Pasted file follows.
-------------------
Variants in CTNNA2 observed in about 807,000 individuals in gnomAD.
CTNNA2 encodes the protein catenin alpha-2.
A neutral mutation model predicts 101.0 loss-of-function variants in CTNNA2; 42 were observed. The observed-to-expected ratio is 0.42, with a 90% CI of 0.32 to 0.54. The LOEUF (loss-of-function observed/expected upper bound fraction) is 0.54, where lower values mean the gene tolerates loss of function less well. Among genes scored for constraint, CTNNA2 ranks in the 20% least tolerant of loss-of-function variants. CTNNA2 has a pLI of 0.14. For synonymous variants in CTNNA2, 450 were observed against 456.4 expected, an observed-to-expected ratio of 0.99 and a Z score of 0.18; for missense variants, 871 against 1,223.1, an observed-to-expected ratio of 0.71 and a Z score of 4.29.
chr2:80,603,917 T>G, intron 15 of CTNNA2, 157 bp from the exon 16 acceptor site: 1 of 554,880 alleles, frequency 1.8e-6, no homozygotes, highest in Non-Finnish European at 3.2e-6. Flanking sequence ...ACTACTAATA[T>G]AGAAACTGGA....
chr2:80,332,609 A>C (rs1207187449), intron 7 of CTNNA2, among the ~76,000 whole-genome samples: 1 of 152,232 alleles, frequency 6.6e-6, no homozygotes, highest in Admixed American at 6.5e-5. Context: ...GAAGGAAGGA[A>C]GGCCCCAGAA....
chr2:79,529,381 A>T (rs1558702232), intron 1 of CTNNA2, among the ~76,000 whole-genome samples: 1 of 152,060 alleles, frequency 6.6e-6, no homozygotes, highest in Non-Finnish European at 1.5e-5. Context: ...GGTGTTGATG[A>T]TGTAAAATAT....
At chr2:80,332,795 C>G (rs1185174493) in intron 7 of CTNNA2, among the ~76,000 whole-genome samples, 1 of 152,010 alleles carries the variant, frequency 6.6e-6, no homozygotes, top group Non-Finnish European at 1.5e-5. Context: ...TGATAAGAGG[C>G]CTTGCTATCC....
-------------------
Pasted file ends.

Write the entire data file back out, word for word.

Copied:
Variants in CTNNA2 observed in about 807,000 individuals in gnomAD.
CTNNA2 encodes the protein catenin alpha-2.
A neutral mutation model predicts 101.0 loss-of-function variants in CTNNA2; 42 were observed. The observed-to-expected ratio is 0.42, with a 90% CI of 0.32 to 0.54. The LOEUF (loss-of-function observed/expected upper bound fraction) is 0.54, where lower values mean the gene tolerates loss of function less well. Among genes scored for constraint, CTNNA2 ranks in the 20% least tolerant of loss-of-function variants. CTNNA2 has a pLI of 0.14. For synonymous variants in CTNNA2, 450 were observed against 456.4 expected, an observed-to-expected ratio of 0.99 and a Z score of 0.18; for missense variants, 871 against 1,223.1, an observed-to-expected ratio of 0.71 and a Z score of 4.29.
chr2:80,603,917 T>G, intron 15 of CTNNA2, 157 bp from the exon 16 acceptor site: 1 of 554,880 alleles, frequency 1.8e-6, no homozygotes, highest in Non-Finnish European at 3.2e-6. Flanking sequence ...ACTACTAATA[T>G]AGAAACTGGA....
chr2:80,332,609 A>C (rs1207187449), intron 7 of CTNNA2, among the ~76,000 whole-genome samples: 1 of 152,232 alleles, frequency 6.6e-6, no homozygotes, highest in Admixed American at 6.5e-5. Context: ...GAAGGAAGGA[A>C]GGCCCCAGAA....
chr2:79,529,381 A>T (rs1558702232), intron 1 of CTNNA2, among the ~76,000 whole-genome samples: 1 of 152,060 alleles, frequency 6.6e-6, no homozygotes, highest in Non-Finnish European at 1.5e-5. Context: ...GGTGTTGATG[A>T]TGTAAAATAT....
At chr2:80,332,795 C>G (rs1185174493) in intron 7 of CTNNA2, among the ~76,000 whole-genome samples, 1 of 152,010 alleles carries the variant, frequency 6.6e-6, no homozygotes, top group Non-Finnish European at 1.5e-5. Context: ...TGATAAGAGG[C>G]CTTGCTATCC....